Saturday, March 22, 1969
THE MICHIGAN DAILY
Sc~~~ Iu~ ,Mrh2,169TEMCIA AL
iy ANDY BARBAS 1
Executive Sports Editort
The Wolverine gymnasts won
'nearly everything at the Big TenI
preliminaries last night.'
Nearly everything, that is.
The one thing they lost was the
one thing they wanted most, a
chance to compete in the NCAA
Even worse, Michigan failed in
its bid to become the conference
representative to the nationals by;
0.45 points after battling back
from a 2.5 point deficit.
The final score overall was
Michigan 188.55, Iowa 186.55. The
final score on the six events which'
count for the NCAA's was Idwa
161.55, Michigan 161:10..
Because of the preliminary re-
sults, the Wolverines, the Hawk-
eyes, and the third-place finisher
Illini will compete in today's team
finals at 2 p.m.
In addition, Michigan has al-
ready swept the all-around com-
petition and placed a large por-
tion of the team in tomorrow's in-
dividual competition at 7:30 p.m.
Michigan took first and second
place in the all-around competi-
tion with Rick McCurdy winning
with 99.775 points and Sid Jen-
sen second with 99.000 points.
Iowa's Bob Dickson was third af-
ter his 98.65 score.
Ao fr tnesv~ in~vi~as1 nm_'
CHICAGO (P) - The Balti-
more Bullets, last-place finish-
ers a year ago, completed a
rags-to-riches s a g a Friday
night by beating the Chicagoj
Bulls 115-103 to win the Na-
tional Basketball Association's
Eastern Division champion-r
the floor exercise when Michigan's
George Huntzicker injured his
heel and was unable to complete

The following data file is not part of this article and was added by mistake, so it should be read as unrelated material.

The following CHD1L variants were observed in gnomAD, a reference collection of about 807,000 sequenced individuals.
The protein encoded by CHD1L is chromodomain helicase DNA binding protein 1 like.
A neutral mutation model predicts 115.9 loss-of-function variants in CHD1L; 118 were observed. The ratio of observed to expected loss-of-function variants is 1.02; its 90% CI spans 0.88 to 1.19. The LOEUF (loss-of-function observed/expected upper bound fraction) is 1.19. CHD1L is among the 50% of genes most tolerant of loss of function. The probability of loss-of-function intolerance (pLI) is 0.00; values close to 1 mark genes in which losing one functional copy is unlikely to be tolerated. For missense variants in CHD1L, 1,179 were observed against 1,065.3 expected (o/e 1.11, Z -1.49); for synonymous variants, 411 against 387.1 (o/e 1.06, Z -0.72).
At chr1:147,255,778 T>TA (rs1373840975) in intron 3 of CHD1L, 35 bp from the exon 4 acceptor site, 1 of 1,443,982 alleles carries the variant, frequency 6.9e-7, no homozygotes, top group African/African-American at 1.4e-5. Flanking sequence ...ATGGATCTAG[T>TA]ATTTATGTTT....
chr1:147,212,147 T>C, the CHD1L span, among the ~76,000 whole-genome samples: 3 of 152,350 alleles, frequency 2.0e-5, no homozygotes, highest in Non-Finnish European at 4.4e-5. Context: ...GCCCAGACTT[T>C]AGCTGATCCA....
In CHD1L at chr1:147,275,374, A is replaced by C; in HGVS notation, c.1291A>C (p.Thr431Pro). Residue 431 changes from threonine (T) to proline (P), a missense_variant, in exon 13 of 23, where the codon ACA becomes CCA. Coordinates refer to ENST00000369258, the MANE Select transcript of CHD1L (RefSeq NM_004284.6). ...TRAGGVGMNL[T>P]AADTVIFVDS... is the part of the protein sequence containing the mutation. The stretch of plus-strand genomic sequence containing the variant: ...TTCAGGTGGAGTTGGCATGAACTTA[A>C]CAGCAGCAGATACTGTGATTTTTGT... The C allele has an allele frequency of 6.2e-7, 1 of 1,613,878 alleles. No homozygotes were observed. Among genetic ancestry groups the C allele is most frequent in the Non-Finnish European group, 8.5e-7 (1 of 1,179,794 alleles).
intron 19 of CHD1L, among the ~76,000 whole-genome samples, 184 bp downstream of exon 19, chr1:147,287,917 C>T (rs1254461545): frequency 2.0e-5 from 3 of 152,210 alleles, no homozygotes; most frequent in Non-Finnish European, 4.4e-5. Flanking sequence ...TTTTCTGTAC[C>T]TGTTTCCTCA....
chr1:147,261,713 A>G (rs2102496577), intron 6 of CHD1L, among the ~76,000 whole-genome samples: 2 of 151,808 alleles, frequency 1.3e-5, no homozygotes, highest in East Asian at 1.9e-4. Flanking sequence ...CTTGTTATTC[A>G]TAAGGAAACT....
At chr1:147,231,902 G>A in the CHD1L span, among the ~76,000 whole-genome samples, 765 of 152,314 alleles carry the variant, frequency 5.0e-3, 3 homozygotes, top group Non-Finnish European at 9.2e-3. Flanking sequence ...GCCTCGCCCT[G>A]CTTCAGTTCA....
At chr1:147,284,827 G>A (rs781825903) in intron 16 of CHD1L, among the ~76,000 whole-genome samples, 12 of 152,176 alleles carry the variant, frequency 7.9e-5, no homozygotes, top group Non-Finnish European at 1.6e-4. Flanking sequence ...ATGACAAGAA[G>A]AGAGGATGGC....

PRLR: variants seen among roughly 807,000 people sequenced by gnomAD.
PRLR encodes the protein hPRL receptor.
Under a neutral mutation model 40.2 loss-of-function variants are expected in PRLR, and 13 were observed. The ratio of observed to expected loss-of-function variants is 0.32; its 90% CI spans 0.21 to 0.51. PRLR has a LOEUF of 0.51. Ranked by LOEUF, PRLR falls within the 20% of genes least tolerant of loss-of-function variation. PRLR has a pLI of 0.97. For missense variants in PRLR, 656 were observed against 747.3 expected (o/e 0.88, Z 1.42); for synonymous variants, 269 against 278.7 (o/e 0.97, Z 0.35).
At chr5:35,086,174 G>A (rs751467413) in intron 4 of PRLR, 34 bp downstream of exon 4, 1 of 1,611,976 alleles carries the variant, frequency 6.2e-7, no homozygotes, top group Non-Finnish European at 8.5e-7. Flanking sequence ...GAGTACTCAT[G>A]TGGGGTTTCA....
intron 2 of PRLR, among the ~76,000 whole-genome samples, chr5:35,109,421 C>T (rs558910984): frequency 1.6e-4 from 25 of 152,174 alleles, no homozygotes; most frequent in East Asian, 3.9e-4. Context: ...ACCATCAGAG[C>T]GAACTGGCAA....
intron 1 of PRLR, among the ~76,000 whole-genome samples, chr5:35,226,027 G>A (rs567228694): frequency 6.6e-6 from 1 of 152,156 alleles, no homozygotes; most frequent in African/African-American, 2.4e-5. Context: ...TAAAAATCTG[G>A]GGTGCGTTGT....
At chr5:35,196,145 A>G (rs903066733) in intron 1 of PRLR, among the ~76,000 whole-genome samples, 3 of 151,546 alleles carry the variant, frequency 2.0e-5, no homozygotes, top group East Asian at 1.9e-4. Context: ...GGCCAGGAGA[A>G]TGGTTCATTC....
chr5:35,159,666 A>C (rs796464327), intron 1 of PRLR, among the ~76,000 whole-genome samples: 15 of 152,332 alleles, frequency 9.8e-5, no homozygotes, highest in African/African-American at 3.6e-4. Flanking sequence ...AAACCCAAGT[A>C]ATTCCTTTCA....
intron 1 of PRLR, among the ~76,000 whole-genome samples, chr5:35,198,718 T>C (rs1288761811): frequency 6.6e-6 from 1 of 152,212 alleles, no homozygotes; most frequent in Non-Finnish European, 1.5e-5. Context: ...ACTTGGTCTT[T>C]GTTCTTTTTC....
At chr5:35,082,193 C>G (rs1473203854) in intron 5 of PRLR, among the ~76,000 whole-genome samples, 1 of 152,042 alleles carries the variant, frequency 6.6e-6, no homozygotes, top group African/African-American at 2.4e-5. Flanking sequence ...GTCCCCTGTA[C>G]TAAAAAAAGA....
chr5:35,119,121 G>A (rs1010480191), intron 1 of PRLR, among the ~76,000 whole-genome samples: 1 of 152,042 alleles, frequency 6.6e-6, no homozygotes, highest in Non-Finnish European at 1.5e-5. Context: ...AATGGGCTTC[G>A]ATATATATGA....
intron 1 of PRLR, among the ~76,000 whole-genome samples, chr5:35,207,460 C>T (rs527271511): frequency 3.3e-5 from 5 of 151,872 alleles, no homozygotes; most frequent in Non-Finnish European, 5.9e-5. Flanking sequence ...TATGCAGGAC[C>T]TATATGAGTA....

his routine. But the half point lost
was nothing when compared to
the cond P tn the _qd mhn
The trampoline team, including
Huntzicker, who thought he could
compete, swamped the rest of the
conference, with Jacobs winning,
Tim Wright placing second, and
the injured Huntzicker tying for
third. Unfortunately, the e v e n t
does not count for NCAA compe-
Then, came a spectacular last
ditch effort by Michigan. While
the high bar team only could
total 26.85, Iowa's four perform-
ers all put out mediocre showings
and the Wolverines picked tip 0.9
points, coming within 1.10 points
of the Hawkeyes.
The parallel bars nearly gave
Iowa a coronary attack. Jenson
had an 8.9, Ron Rapper a 9.25,
and Rick Richards pulled a new
dismount out of his bag of tricks
and nailed a 9.35.
Iowa needed a 26.5 total to de-
feat Michigan for NCAA qualifi-
Fortunately for the Hawkeyes
they were able to tally a 26.90
total to slip past the Wolverines.
CHARLES FROEMING executes the Iron Cross during yesterday's
Big Ten gymnastics meet qt the Events Building. Froeming
reached a 9.35 total on the ring, tying his old nemesis Don Hatch
of Iowa. His superior effort was not enough, however, as the
Wolverines fell short of the Hawkeyes in yesterday's session, which
determined the Big Ten representative in the NCAA meet.
Unfortunately, the Wolverines
would prefer to go to the nationals
as a team. But after the first two
Ievents, it would have been easier
to get bets on an earthquake in
Ann Arbor than on Michigan
Iowa took a half point lead in
As tor todayu s inivzduai com -
petition, Michigan qualified foiu 17
positions with Iowa second with
sn ecn event ,he sl enorse.